FMCSA publishes guidance on DOT testing for temporary drivers
Posted December 23, 2016
The Federal Motor Carrier Safety Administration (FMCSA) has offered Enforcement Guidance on the use of drivers provided by staffing services in regards to DOT drug and alcohol testing.
Less than 30 consecutive days
According to the FMCSA notice, a staffing service is the “employer” for DOT drug and alcohol testing when the driver is assigned to a motor carrier for a period of less than 30 consecutive days. The staffing service may create its own USDOT testing program to include these casual, intermittent, and occasional drivers.
More than 30 consecutive days
If a leased driver operates or is expected to operate for a motor carrier for a period of more than 30 consecutive days, the driver should be included in the motor carrier’s random testing pool, and the motor carrier should assume full responsibility for the driver under its DOT testing program.
The driver staffing service, according to the Guidance, may remove the driver from its DOT random testing pool or allow the driver to remain in it based on its reasonable expectation on whether the driver will or will not return to its employment as a temporary leased driver.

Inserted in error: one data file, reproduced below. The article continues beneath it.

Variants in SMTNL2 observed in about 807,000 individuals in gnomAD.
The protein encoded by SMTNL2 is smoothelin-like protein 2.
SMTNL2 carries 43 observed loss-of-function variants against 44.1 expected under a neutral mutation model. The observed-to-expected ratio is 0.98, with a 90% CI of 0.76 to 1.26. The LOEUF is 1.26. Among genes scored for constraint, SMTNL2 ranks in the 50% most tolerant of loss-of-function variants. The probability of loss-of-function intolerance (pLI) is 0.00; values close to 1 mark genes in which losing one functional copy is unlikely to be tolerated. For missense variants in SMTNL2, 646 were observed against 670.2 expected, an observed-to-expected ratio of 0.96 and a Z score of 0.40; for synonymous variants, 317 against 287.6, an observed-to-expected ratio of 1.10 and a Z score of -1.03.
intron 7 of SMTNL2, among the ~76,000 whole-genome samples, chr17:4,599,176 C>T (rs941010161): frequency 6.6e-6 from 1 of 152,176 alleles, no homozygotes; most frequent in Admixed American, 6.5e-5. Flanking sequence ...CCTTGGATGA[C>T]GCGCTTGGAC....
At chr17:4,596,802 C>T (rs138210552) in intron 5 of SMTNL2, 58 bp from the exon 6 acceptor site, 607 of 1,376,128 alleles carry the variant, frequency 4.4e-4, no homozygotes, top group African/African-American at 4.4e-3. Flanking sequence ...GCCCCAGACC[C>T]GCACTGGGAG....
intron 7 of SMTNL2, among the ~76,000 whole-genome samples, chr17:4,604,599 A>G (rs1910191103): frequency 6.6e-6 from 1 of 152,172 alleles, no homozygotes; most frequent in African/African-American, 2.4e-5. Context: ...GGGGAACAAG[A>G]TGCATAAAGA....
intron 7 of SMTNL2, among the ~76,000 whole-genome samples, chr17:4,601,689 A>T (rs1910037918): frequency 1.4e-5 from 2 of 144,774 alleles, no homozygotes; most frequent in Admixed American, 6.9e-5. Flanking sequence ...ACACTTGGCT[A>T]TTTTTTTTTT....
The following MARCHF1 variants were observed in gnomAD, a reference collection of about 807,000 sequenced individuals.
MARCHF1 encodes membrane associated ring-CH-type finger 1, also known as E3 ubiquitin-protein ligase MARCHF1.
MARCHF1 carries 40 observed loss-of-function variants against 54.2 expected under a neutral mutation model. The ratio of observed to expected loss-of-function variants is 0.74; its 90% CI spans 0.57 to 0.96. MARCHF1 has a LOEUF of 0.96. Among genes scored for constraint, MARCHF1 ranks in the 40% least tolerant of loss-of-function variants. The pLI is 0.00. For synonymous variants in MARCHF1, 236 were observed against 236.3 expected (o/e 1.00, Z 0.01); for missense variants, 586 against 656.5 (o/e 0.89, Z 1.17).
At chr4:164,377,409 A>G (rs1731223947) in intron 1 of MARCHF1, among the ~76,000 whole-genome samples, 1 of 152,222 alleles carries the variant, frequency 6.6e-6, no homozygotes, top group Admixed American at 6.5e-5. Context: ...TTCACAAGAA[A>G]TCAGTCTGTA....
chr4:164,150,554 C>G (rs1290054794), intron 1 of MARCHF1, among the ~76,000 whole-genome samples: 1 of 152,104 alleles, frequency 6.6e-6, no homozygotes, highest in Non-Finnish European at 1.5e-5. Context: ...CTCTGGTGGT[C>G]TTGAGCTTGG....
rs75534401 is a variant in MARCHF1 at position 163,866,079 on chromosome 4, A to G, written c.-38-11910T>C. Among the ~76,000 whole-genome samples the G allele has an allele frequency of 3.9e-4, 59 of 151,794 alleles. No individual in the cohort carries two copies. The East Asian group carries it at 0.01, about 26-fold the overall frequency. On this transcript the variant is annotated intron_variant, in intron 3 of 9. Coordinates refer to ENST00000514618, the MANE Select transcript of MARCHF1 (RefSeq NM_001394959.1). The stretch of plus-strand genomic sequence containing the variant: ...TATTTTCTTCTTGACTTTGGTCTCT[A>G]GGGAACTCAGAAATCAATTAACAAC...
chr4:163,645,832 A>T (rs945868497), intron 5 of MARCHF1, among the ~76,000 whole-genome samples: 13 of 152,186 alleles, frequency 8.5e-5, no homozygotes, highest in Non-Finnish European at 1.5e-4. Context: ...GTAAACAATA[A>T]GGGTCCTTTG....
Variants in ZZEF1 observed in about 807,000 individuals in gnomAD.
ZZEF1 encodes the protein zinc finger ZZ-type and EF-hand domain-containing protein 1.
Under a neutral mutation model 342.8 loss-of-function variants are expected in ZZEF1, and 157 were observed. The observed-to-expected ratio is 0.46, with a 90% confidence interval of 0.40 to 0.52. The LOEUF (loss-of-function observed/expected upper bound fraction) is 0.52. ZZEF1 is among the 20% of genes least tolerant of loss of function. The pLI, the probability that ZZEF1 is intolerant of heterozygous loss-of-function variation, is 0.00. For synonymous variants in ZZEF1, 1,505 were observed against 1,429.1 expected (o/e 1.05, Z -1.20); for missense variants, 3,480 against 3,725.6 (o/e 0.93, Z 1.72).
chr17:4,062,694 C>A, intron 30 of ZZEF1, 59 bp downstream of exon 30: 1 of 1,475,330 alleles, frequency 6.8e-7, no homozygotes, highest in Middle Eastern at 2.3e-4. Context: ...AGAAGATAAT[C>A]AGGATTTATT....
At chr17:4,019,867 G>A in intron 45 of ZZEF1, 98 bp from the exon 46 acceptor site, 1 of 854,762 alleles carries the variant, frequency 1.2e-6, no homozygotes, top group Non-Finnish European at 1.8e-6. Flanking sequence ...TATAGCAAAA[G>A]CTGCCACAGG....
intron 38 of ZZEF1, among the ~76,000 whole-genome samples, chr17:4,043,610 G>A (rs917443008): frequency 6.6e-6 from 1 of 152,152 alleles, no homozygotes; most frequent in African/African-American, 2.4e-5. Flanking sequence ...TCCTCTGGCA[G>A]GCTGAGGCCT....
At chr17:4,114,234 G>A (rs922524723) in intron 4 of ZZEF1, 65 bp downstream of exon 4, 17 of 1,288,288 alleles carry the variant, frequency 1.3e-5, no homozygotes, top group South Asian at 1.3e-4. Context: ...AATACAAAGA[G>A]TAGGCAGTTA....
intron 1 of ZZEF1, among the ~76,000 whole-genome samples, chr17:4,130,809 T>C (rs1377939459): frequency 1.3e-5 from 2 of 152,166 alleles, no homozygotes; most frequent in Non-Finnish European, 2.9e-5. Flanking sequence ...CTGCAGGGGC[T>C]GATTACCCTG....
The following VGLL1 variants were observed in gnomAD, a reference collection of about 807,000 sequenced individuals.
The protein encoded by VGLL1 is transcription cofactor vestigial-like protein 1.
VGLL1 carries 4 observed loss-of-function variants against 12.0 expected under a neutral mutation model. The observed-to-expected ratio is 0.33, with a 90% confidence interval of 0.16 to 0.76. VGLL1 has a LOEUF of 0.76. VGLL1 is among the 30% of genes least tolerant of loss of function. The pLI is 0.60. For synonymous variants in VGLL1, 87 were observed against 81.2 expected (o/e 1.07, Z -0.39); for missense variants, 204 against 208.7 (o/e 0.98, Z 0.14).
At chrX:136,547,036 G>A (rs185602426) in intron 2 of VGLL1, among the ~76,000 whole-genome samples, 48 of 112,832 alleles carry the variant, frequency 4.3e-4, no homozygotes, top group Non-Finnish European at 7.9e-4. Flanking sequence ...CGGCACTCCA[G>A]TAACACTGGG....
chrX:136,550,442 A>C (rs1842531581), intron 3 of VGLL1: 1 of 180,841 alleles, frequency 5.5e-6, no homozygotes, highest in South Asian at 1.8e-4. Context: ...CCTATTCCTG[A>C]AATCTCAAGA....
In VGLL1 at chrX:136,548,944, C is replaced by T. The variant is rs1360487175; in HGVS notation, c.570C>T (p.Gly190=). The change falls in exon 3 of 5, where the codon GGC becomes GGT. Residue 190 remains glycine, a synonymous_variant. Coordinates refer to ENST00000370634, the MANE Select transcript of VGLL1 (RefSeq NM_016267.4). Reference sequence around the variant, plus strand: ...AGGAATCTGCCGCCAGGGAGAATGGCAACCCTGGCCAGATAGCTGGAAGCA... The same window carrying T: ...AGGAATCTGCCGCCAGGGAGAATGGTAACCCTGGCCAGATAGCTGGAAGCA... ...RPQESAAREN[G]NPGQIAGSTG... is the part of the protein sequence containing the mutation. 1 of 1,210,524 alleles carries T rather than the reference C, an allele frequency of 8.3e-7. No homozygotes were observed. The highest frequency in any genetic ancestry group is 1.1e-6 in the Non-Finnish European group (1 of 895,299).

Motor carrier’s responsibility when using exception
When a casual driver is assigned to a motor carrier by a staffing service and the exception is being utilized, the motor carrier must ensure the driver is participating in a compliant DOT drug and alcohol testing program.
The motor carrier is responsible for ensuring the staffing service complies with all the testing rules. In other words, the motor carrier is making the third party’s testing program its own by way of contract, consortium agreement, or other arrangement. As a result, the staffing services records must be made available to the motor carrier in the event it is investigated by the FMCSA.
Motor carrier’s responsibility when not using exception
If the staffing service does not conduct required testing, the motor carrier must treat the temporary driver as it would any other new hire in a safety-sensitive position, including the DOT pre-employment drug screen, issuance of educational materials and company policy, required background inquiries, and placement in the random pool.
J. J. Keller's Alcohol & Drugs DOT Compliance Manual can help you understand and comply with DOT's Alcohol & Drug Testing requirements, including 49 CFR Parts 382 and 40.
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